India spent Rs 610 crore on R&D in atomic energy in 2004-05 though the former currently provides only 3 per cent of our power supply. Despite being regarded as the mainstay of India’s current energy mix, the coal sector received a meagre Rs 70 crore. Energy R&D in India is dominated by the public sector, led by vibrant PSUs like BHEL, IOCL and ONGC. On the whole, Indian industry spent a mere 0.2 per cent of its turnover on R&D, one tenth of the 2 per cent spent by industry in the developed world.
To augment funding, the Planning Commission’s report on Integrated Energy Policy has recommended the setting up of a National Energy Fund (NEF), with an initial corpus of Rs 1000 crore, for R&D in the energy sector. It suggests a mandatory spending of 0.4 per cent of turnover by each company in the energy field.
The Standing Committee on R&D has drawn a roadmap to strengthen power delivery infrastructure through programmes like the APDRP by 2005. But most distribution utilities in India have virtually no R&D and even in the National Perspective Plan on R&D in the Indian Power Sector up to 2015, distribution was identified as the key area. Energy R&D allocations have been highly skewed, and though research into atomic energy requires massive spending, it should not be at the expense of investment into cleaner coal technologies, as coal will dominate the Indian energy landscape for the next three decades.
Clean coal technology through gasification that helps in separation and underground storage of CO2, has the potential to provide zero emissions. India has joined the US’s FutureGen programme based on international public-private partnership. The $1 billion project will be operational by 2012, and aims at building a coal-based electricity and hydrogen production plant that will produce electricity at only 10 per cent additional cost. Stepping up research into coal gasification, BHEL and NTPC are collaborating on a 100 MW clean coal thermal plant based on the integrated gasification combined cycle (IGCC) technology at Dadri near Delhi.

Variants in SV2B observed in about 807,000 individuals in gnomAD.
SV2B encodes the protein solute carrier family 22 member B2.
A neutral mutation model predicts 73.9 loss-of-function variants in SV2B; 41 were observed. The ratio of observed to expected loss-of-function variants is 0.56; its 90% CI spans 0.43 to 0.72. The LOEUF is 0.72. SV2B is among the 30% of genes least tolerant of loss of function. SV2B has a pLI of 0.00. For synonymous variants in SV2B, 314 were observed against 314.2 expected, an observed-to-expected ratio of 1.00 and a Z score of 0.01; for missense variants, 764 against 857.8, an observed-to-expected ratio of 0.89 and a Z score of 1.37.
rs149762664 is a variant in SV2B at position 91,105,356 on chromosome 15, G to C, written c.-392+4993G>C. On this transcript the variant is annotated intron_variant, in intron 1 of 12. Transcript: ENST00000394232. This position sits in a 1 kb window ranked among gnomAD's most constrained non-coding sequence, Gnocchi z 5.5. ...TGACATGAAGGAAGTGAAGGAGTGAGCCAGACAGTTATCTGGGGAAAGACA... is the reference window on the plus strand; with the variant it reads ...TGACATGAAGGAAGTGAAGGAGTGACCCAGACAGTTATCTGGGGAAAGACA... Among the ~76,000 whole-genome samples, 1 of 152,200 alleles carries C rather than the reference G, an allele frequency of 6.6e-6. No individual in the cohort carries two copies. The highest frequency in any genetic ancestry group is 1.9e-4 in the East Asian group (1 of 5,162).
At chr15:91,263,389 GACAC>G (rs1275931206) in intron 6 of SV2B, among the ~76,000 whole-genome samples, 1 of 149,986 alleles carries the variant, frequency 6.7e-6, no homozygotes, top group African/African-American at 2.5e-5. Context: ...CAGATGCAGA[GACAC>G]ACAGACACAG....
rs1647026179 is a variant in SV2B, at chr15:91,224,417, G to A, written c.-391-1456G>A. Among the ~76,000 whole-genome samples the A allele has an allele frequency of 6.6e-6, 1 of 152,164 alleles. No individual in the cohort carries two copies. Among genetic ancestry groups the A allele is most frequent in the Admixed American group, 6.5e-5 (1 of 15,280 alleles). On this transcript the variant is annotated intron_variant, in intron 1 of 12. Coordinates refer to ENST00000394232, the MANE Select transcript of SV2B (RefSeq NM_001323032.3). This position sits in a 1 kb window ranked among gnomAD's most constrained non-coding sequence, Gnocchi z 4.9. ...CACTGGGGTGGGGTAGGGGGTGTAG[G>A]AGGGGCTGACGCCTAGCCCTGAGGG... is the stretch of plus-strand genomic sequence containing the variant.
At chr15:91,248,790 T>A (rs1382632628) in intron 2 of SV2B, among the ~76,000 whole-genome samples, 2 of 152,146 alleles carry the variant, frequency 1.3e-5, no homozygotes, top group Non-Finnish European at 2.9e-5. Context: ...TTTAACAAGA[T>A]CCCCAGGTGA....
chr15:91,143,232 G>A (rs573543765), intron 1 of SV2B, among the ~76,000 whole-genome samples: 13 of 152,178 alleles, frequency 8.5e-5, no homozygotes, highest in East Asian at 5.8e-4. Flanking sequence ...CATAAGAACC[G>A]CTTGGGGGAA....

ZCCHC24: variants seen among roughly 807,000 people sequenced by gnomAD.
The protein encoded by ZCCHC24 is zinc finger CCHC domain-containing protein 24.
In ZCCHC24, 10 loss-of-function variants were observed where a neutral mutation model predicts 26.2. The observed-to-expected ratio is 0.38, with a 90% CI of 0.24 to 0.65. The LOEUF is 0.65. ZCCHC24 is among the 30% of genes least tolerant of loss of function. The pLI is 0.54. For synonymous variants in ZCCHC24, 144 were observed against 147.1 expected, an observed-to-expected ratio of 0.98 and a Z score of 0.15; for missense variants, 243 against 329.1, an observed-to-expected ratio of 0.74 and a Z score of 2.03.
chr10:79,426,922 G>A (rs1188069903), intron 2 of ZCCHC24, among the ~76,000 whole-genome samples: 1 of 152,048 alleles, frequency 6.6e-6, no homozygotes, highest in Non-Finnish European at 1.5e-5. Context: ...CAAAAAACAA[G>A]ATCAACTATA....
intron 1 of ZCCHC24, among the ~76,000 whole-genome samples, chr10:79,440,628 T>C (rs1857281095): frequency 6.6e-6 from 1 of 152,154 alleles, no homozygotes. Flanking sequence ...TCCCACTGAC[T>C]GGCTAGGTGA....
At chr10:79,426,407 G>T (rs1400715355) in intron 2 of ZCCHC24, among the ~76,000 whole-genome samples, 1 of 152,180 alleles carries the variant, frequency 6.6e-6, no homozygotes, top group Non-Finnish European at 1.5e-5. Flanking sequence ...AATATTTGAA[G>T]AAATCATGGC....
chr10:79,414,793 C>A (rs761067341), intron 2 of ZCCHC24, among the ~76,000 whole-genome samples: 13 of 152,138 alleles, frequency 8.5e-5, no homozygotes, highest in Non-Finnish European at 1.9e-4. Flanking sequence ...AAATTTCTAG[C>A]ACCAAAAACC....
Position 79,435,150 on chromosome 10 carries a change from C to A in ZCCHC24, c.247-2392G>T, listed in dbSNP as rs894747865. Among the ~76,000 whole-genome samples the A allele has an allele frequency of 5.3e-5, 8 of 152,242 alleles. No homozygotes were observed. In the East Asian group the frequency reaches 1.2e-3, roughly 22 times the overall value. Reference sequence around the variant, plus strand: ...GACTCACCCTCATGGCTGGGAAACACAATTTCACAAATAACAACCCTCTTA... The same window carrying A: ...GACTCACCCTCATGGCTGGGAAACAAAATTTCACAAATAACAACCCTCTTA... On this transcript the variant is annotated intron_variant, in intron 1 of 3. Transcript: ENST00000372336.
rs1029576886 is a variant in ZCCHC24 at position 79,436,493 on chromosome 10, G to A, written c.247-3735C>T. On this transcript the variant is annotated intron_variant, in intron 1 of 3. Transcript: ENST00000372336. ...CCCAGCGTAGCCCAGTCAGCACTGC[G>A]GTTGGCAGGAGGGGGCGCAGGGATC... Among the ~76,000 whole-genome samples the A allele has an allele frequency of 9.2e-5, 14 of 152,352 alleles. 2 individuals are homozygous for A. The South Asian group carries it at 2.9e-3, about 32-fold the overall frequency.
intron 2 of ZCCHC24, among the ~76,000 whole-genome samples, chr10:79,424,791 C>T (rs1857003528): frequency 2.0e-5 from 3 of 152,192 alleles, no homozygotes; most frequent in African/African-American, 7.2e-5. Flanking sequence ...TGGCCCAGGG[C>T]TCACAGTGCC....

Focussed R&D can help reduce costs of renewable energy devices and make their production commercially viable. India stands seventh in the world in solar photovoltaics, and ninth in solar thermal systems, but the initial high cost of equipment has made it unattractive to end-users. Speaking at a FICCI conference on R&D in 2005, President APJ Abdul Kalam advocated greater R&D in biofuels to increase the oil yield of biofuel plants from 30 to 50 per cent, and reduce cost by a third.
Finally, every unit of energy saved, also known as a negawatt, saves more than a megawatt generated. Since enormous amounts of energy are wasted, there is a need to focus energy R&D on achieving higher levels of efficiency, reducing costs for end-consumers, minimising environmental damage and easing dependence on non-renewable sources.